Thursday, June 07, 2007

More on Claire's Graduation Ceremony

Obviously I'm biased, but I found yesterday's graduation ceremony to be just delightful. Many people find these things to be tedious with their endless speeches and processions. I love these ceremonies, the theatrical of academic work. I love the robes and scepters. I love the music. I even love the speeches usually. They embody our little world in its theatrical double; they suggest what we think the soul of academia is- venerable, decent, humane and patient.

The speaker was the Honourable James K. Bartleman, the Lieutenant Governor of Ontario. He talked for quite some time about the social and economic problems in Indigenous communities in Canada. Bartleman himself is a First Nation member and has done much work to champion the welfare of native peoples. His speech was a bit depressing in many regards- I had never thought of the Native people as a third world nation within a first world nation, but there's quite a bit to that. I think he realized that a large percentage of the graduates were in social work, and therefore would be treating society's ills, or in business management (and therefore creating society's ills). The speech was a bit bleak, and yet I had a sense that he was alerting the well-informed to problems that they were equipped to face.

There were approximately 150 students who received graduate-level degrees. One interesting thing, for me, was how gendered the student groups were. Claire has mentioned before that nearly all of the social work grad students are women. In fact, most of the programs that walked were either all, or nearly all women; with the exception of Business Management and Political Science, which were nearly all men. It was an example of self-segregation at work, but who knows if it is the norm. Overall, of the 150 who walked, about 115 were women, and approximately 35 were men. I thought it was interesting, but I have no idea if it's that way in other graduate-level groups.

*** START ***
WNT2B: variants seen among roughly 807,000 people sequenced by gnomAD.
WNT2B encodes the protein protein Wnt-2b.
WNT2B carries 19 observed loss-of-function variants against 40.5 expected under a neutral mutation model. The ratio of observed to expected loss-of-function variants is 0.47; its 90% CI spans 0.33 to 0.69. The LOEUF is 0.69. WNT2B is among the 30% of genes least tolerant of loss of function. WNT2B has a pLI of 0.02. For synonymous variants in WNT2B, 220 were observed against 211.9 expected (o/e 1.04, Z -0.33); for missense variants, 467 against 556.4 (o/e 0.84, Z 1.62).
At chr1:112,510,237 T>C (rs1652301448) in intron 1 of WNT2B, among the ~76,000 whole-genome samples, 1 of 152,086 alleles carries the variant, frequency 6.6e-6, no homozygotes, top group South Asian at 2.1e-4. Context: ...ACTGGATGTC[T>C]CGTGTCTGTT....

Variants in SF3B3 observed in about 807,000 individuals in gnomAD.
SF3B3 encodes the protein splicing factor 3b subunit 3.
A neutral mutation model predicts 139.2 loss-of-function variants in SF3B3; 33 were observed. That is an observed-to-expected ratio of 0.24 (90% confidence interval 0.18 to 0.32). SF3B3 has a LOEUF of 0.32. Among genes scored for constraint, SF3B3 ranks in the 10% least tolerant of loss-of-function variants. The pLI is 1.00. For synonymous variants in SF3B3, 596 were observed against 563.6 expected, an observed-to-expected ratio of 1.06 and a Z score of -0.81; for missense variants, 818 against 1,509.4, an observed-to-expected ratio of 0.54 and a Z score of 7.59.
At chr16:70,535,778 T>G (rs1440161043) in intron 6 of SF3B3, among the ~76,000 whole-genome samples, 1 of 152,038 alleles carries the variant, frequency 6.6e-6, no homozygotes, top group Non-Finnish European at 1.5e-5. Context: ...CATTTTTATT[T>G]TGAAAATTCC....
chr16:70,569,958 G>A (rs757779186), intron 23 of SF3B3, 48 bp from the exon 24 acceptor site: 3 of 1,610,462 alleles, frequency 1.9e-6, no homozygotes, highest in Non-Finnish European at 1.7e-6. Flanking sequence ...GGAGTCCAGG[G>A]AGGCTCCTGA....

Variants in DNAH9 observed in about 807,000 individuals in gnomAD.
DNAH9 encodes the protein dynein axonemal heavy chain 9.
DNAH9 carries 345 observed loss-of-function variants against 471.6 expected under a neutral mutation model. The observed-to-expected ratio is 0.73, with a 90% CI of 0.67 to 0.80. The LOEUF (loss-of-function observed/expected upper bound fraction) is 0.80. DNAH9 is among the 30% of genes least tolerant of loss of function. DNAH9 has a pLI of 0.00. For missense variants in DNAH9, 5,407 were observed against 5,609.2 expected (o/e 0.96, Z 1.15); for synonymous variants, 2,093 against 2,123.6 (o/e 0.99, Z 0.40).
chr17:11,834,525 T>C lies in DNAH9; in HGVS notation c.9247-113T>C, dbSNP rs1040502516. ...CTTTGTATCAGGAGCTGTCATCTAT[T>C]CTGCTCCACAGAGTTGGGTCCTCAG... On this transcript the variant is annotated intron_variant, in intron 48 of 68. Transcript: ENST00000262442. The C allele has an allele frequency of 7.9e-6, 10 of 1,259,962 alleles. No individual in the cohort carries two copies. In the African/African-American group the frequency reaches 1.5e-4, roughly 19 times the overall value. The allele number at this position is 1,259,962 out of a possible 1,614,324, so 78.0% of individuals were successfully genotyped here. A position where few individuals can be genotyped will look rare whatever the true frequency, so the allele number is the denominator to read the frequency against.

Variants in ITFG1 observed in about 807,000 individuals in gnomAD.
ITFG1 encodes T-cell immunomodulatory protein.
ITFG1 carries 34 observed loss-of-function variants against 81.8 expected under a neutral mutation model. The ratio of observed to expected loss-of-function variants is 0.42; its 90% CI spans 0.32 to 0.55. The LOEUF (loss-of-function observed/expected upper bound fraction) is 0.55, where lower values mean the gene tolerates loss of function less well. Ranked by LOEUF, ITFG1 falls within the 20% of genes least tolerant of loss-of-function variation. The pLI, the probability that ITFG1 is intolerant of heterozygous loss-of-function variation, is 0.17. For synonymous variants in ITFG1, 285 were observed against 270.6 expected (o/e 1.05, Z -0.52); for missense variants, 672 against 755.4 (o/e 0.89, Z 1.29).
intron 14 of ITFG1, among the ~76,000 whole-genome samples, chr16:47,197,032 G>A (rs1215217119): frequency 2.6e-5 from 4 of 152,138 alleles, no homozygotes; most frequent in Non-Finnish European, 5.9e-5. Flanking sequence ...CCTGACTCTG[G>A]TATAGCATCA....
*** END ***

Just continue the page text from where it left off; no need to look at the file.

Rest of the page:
I also thought it was interesting how often speakers mentioned the ''multicultural mosaic of diversity''. For Canadians, this phrase is as important as ''the melting pot of America'' used to be; however, nobody actually talks about the melting pot of America anymore. Canadians still take seriously the dream of a unified multicultural society... unless, they're from Quebec. From what I've seen, the Canadian mosaic of diversity is a bit exaggerated. However, I also think that the concept, paradoxically, is a better unifying and ordering higher value than anything in the U.S.- it's lauding of diversity is, in itself, normalizing.

The reception was also gorgeous and the food was well-catered. I've been to some of these things that have a full buffet and it's always too much. This one had finger foods and slices of cake. I'd have liked champagne though. Anyway, it was a great day. The students have all come a long way and listening to them talk gave me faith that this little academic world still works. Few of them have come as far as Claire has, and listening to her mother talk about how proud she is of where her daughter is today, I realized how awed I am by her.

2 comments:

Jen P. said...

Bartleman, eh? Glad you found him interesting. I've been underwhelmed by him (as a speaker), but he's had an interesting life, and is obviously a genuine guy who's doing some good things.
Congrats to Claire!

Rufus said...

I'll admit- I'm easy to please. I know that Claire was underwhelmed by him.